I started City of Brass in March 2002 at Blogspot, and moved to Beliefnet in August 2008. Over a thousand posts and a million page views later, it is time to end this chapter and start a new one. However, I am not technically going anywhere – Beliefnet recently acquired Patheos, where I am going […]
This week is a truly portentous one for Muslims, Jews, and Catholics. In one week, we have Yom Kippur, the Day of Arafat and Eid ul Adha, and Pope Francis’ first visit to the United States. I like the term “Abrahamic Convergence” for this sort of thing – it emphasizes the commonality of themes in our faiths.
For example, Yom Kippur is the Day of Atonement – the holiest day in the Jewish calendar, in which Jews undertake a day-long fast from sunset to sunset, no food or water. This is a day of repentance for Jews, seeking forgiveness for their sins. The Day of Arafat is a day of rebirth, in which Muslims pray for their sins to be cleansed, and emerge renewed – the spiritual climax of the Hajj pilgrimage. Muslims worldwide observe a fast on Yawme Arafat, with the exception of those actually on the Hajj. These parallels are not mere coincidence – we share our worship of Creator and as Muslims and Jews alike are beneficiaries of His mercy and love.
This week was marked by an amazing moment of inspiration: yesterday the Pope’s motorcade in Washington DC was charmingly interrupted by a 5-year old girl who got the blessing of a lifetime:
This week also saw a horrific scene of tragedy: a stampede in the tent city of Mina that resulted in over 700 pilgrims crushed to death. Here is just one example of a (relatively tame) photo making rounds on social media of the immediate aftermath:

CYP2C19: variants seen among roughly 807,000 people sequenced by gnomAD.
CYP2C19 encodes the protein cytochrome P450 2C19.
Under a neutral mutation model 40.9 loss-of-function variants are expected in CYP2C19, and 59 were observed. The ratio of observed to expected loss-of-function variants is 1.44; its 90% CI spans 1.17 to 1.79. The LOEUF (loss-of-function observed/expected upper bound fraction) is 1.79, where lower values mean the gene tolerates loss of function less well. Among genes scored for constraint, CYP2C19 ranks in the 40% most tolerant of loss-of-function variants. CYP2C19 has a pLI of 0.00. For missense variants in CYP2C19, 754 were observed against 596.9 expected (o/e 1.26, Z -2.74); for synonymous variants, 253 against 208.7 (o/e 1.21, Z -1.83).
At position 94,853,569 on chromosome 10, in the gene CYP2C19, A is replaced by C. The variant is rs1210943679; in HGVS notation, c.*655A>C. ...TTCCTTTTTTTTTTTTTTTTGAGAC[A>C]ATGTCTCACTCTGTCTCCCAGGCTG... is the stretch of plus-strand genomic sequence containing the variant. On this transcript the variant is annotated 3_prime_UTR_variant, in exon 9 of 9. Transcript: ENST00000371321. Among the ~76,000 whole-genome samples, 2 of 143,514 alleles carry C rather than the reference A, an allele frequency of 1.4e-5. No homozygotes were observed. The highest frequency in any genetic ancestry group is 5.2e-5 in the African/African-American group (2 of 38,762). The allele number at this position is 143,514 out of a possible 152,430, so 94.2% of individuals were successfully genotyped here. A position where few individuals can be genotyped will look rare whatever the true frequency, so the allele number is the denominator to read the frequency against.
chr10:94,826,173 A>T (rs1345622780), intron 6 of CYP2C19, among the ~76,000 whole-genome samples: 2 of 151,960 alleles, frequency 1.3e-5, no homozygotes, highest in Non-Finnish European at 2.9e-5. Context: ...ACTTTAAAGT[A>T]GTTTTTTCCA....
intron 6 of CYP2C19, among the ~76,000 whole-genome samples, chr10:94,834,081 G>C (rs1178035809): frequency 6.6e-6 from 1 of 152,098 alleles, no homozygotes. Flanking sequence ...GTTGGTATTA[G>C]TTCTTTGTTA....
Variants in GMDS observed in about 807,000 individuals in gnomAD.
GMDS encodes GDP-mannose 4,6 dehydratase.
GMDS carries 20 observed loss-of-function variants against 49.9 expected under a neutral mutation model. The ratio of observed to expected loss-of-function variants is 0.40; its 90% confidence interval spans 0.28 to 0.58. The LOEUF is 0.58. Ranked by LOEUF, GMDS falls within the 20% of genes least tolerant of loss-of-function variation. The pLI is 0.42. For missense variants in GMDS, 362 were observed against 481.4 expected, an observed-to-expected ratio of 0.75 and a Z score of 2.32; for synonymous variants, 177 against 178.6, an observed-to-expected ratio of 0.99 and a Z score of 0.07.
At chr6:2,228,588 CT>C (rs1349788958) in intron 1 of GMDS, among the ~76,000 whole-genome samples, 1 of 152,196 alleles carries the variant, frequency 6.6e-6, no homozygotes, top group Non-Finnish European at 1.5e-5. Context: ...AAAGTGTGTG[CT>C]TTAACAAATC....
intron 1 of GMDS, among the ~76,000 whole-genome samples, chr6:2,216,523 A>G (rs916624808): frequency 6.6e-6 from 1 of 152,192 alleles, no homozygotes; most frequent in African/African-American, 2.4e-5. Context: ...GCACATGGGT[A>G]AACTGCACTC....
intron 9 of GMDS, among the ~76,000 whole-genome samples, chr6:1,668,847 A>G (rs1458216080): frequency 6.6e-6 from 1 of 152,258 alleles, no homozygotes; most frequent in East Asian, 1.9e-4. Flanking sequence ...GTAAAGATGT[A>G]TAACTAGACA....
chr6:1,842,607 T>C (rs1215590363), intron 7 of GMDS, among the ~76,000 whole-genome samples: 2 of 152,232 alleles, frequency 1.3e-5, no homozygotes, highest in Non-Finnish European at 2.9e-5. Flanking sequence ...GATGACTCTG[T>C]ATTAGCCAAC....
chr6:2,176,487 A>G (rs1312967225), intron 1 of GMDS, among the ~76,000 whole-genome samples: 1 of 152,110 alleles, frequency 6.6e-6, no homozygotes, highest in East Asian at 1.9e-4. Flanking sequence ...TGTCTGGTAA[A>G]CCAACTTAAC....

Inna Lillahi wa inna ilaihi raji’un.
Despite the tragedy, there is also cause for celebration. Eid ul-Adha, the Feast of Sacrifice, follows Arafat and is a time of family and food and coming together. The seminal activity of Eid ul adha is the zabihah (humane slaughter) of goats and lamb, to feed the poor. The day after we have renewed ourselves of sin, our first duty is charity. And this week, that essence of charity was best articulated by Pope Francis, who said in his address to the US Congress, “I would encourage you to keep in mind all those people around us who are trapped in a cycle of poverty. They too need to be given hope. The fight against poverty and hunger must be fought constantly and on many fronts, especially in its causes.”
This has been a week of hope, despair, innocence, humility, atonement, and rebirth. Whether pilgrims are flocking to see their Pope or engaged in the rituals of Hajj, Whether the faithful are congregating in synagogues or in their homes, the raw faith that that motivates them is a testament to the power of our shared belief in God and the enduring legacy of our religions’ teachings. Jews, Muslims, and Christians alike have much to reflect on this week.
— Wajahat Ali (@WajahatAli) September 24, 2015